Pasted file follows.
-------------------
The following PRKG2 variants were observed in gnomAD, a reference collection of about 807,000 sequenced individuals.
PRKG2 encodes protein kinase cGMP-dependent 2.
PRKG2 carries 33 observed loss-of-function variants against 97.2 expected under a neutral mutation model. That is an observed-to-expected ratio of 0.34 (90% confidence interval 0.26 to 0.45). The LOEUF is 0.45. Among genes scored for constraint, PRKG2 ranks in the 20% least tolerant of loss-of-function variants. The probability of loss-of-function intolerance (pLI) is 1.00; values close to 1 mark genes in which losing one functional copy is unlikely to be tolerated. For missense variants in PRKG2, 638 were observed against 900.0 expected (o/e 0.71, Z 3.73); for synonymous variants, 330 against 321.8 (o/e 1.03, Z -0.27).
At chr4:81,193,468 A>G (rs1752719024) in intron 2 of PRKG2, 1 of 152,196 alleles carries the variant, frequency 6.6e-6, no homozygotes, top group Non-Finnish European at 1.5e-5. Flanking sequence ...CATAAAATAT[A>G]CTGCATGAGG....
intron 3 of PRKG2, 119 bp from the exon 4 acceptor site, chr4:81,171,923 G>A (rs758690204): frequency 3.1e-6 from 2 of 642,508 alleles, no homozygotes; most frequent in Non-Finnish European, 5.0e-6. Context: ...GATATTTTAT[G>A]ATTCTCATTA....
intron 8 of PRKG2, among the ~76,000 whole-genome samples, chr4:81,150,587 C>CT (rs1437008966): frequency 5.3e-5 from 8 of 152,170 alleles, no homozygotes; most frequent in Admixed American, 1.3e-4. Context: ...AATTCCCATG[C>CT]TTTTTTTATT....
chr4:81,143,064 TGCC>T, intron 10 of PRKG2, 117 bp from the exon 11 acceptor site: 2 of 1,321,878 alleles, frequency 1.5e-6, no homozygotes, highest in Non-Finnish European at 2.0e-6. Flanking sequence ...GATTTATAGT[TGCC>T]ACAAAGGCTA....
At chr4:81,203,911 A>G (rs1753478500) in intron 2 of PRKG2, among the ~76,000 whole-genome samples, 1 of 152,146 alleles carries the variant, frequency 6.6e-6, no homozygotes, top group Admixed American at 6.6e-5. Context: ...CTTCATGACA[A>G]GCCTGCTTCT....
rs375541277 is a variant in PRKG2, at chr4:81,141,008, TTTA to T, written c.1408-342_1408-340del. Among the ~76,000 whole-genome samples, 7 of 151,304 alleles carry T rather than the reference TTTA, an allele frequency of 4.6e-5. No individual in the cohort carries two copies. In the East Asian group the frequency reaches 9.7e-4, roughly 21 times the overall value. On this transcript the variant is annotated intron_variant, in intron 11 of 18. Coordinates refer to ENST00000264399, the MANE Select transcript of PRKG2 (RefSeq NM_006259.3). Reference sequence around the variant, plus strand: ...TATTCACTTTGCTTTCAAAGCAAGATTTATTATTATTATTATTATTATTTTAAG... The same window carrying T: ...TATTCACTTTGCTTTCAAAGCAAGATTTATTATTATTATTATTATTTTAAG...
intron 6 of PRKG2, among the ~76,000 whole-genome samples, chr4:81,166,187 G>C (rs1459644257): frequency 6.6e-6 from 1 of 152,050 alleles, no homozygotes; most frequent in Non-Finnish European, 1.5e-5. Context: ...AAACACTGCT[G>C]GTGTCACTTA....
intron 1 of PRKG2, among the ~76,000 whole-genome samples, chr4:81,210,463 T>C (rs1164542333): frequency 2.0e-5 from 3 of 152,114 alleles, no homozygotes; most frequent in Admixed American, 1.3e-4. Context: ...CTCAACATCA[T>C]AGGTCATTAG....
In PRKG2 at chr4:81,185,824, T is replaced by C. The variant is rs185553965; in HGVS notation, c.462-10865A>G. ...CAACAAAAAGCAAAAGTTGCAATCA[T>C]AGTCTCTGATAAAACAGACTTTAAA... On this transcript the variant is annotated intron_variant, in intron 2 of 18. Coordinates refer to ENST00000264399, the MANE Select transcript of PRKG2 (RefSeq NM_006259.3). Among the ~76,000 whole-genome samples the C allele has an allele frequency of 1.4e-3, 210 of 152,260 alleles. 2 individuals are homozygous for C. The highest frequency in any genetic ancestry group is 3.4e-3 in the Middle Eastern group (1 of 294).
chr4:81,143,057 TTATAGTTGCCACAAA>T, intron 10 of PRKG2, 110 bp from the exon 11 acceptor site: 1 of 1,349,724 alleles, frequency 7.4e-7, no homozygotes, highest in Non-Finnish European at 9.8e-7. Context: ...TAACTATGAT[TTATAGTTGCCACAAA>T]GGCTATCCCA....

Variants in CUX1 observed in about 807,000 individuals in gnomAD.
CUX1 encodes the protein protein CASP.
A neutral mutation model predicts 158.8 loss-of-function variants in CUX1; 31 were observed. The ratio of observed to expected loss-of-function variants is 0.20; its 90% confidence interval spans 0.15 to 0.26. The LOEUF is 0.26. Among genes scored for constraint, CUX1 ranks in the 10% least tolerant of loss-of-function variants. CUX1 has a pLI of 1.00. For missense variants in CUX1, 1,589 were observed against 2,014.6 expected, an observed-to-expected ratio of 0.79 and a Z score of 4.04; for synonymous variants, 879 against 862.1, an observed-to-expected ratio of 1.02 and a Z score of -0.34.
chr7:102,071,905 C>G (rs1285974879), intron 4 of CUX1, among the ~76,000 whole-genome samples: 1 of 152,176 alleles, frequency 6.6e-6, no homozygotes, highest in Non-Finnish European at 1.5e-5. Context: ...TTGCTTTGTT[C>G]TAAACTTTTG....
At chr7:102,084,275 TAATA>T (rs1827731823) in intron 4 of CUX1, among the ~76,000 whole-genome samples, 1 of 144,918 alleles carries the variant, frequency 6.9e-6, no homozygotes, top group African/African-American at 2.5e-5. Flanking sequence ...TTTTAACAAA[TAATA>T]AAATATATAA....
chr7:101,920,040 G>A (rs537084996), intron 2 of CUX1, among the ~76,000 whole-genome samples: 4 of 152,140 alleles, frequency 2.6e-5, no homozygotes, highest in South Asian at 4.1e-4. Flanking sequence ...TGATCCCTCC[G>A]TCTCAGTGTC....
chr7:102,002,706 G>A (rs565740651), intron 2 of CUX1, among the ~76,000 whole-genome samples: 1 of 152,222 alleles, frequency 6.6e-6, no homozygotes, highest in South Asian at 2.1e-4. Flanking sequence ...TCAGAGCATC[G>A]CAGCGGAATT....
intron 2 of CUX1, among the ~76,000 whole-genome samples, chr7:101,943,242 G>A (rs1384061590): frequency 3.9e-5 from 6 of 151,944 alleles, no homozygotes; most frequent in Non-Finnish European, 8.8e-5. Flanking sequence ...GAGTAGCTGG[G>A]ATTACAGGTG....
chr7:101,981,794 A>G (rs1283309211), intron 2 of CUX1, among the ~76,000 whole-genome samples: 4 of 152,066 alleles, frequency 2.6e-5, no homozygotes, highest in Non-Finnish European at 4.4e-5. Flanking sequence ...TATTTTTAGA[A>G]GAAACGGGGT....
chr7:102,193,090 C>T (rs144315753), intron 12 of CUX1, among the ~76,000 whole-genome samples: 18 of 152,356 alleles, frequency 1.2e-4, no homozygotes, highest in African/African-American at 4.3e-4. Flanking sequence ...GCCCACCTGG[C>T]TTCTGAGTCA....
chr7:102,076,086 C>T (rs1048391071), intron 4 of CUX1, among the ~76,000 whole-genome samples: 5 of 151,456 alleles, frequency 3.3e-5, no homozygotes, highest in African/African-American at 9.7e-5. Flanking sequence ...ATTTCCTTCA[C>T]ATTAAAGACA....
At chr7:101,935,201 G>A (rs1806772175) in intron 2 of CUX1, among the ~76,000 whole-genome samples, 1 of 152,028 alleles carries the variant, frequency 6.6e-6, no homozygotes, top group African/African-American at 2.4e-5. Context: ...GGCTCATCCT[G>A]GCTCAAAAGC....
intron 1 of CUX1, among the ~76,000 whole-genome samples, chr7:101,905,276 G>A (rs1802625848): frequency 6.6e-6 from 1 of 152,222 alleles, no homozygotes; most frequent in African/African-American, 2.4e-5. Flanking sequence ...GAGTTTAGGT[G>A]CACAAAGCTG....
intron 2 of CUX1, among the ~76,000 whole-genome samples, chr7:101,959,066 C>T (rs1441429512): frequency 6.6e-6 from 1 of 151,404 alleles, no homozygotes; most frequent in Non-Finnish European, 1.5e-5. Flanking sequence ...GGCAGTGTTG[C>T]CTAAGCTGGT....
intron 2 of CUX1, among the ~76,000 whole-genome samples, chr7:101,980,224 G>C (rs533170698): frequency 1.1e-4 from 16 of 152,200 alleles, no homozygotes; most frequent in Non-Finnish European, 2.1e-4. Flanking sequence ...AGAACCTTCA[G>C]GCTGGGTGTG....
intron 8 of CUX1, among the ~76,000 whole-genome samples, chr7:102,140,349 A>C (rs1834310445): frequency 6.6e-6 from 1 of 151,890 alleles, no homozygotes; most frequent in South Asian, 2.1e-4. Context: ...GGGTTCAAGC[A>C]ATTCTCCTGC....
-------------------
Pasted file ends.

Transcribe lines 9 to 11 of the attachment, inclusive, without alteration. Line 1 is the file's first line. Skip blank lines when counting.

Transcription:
rs375541277 is a variant in PRKG2, at chr4:81,141,008, TTTA to T, written c.1408-342_1408-340del. Among the ~76,000 whole-genome samples, 7 of 151,304 alleles carry T rather than the reference TTTA, an allele frequency of 4.6e-5. No individual in the cohort carries two copies. In the East Asian group the frequency reaches 9.7e-4, roughly 21 times the overall value. On this transcript the variant is annotated intron_variant, in intron 11 of 18. Coordinates refer to ENST00000264399, the MANE Select transcript of PRKG2 (RefSeq NM_006259.3). Reference sequence around the variant, plus strand: ...TATTCACTTTGCTTTCAAAGCAAGATTTATTATTATTATTATTATTATTTTAAG... The same window carrying T: ...TATTCACTTTGCTTTCAAAGCAAGATTTATTATTATTATTATTATTTTAAG...
intron 6 of PRKG2, among the ~76,000 whole-genome samples, chr4:81,166,187 G>C (rs1459644257): frequency 6.6e-6 from 1 of 152,050 alleles, no homozygotes; most frequent in Non-Finnish European, 1.5e-5. Context: ...AAACACTGCT[G>C]GTGTCACTTA....
intron 1 of PRKG2, among the ~76,000 whole-genome samples, chr4:81,210,463 T>C (rs1164542333): frequency 2.0e-5 from 3 of 152,114 alleles, no homozygotes; most frequent in Admixed American, 1.3e-4. Context: ...CTCAACATCA[T>C]AGGTCATTAG....